MOSCOW (Reuters) - Russia said on Tuesday it had no intention of unilaterally redrawing its borders in the Arctic to give it a larger chunk of the region’s mineral wealth.
Russia has lodged a claim to expand the territory it controls in the Arctic, irritating other states with Arctic coastlines, including the United States, which are also keen to tap the region’s resources.
Russian President Dmitry Medvedev last week ordered his officials to draft a law setting out Russia’s Arctic borders, after which Canada said it was concerned the Kremlin might be preparing to take unilateral action.
In a statement, Russia’s Foreign Ministry said the law would apply only to administrative borders inside Russia, and was not connected to its claim for a greater share of the Arctic.
“At issue is a new federal law which will clearly set out which regions of the Russian Federation make up the country’s Arctic zone, which will be covered by measures to promote their social and economic development,” the statement said.
“This law does not relate to the question of clarifying the external boundaries of the Russian Federation’s continental shelf, a corresponding application on which is being reviewed by the United Nations Commission.”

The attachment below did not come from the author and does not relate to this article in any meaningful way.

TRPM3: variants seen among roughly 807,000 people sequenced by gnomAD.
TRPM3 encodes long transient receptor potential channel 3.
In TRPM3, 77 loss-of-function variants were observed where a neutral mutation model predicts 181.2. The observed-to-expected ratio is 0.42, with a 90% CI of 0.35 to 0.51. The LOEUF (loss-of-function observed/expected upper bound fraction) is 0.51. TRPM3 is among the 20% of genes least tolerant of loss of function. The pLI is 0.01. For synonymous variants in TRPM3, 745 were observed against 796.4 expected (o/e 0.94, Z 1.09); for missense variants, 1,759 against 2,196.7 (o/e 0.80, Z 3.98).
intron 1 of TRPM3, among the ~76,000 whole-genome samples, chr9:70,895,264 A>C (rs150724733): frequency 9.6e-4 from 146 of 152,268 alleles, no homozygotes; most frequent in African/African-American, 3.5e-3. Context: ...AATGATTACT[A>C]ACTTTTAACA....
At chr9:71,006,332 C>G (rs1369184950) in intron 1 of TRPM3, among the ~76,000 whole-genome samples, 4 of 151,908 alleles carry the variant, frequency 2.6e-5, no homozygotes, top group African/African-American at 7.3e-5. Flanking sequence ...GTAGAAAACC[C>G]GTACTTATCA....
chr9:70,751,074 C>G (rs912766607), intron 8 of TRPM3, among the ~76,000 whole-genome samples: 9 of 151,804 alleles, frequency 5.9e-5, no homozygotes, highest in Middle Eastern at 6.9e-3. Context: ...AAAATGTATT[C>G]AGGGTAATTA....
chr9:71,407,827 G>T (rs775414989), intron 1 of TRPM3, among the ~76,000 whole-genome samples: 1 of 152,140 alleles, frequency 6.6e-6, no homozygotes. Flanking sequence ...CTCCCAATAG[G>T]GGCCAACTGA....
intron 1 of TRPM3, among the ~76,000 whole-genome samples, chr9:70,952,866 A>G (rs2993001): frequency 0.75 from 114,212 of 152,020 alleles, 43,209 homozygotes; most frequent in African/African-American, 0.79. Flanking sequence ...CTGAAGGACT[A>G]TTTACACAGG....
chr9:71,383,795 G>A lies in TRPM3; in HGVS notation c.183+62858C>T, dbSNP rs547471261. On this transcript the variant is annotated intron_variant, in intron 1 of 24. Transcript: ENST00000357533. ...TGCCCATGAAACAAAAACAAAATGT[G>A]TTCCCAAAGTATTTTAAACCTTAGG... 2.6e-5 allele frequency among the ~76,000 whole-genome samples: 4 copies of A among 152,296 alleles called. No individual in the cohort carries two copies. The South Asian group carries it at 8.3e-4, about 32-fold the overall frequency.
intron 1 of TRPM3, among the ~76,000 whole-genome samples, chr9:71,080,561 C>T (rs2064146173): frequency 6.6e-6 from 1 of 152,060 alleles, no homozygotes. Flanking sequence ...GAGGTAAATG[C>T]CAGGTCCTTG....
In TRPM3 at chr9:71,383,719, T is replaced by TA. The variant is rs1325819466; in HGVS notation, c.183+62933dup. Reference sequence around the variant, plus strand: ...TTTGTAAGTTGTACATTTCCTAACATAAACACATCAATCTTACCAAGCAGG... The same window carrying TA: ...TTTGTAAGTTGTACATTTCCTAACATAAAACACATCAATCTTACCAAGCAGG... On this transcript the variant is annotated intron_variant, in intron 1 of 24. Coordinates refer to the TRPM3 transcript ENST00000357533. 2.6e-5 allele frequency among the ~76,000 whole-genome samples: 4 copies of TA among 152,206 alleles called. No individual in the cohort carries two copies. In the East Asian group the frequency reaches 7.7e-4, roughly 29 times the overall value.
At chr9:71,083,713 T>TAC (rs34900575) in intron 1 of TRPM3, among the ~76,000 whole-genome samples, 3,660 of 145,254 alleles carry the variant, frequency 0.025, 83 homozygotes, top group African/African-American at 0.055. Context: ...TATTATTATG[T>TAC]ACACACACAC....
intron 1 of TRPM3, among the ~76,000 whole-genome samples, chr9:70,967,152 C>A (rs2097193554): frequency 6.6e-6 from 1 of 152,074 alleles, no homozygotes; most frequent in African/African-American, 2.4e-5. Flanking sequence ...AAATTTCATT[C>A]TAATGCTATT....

“Russia strictly abides by the norms and principles of international law and is firmly intent on acting within existing international agreements and mechanisms,” the statement said.
International law states the five countries which control the Arctic coastline — Canada, Russia, the United States, Norway and Denmark via Greenland — are allowed a 320 km (200 miles) economic zone north of their shores.
At a meeting in Greenland in May, the five Arctic states agreed that a United Nations commission would decide how to settle competing territorial claims in the region.
Russia bases its claim for a greater share of the Arctic on scientific studies of an underwater ridge, called the Lomonosov ridge, which Moscow says prove the region is an extension of the Siberian continental shelf.
Around 13 percent of the world’s undiscovered oil and 30 percent of its undiscovered gas lie under the Arctic seabed, a study by the U.S. Geological Survey said in July.
Russia has a track record of taking assertive steps to defend what it views as its national interests.
It has sent bomber aircraft on patrol near NATO airspace, fought a war last month in Georgia to repel a Georgian attack on a breakaway region and has fiercely opposed U.S. plans to station elements of a missile defense shield in eastern Europe.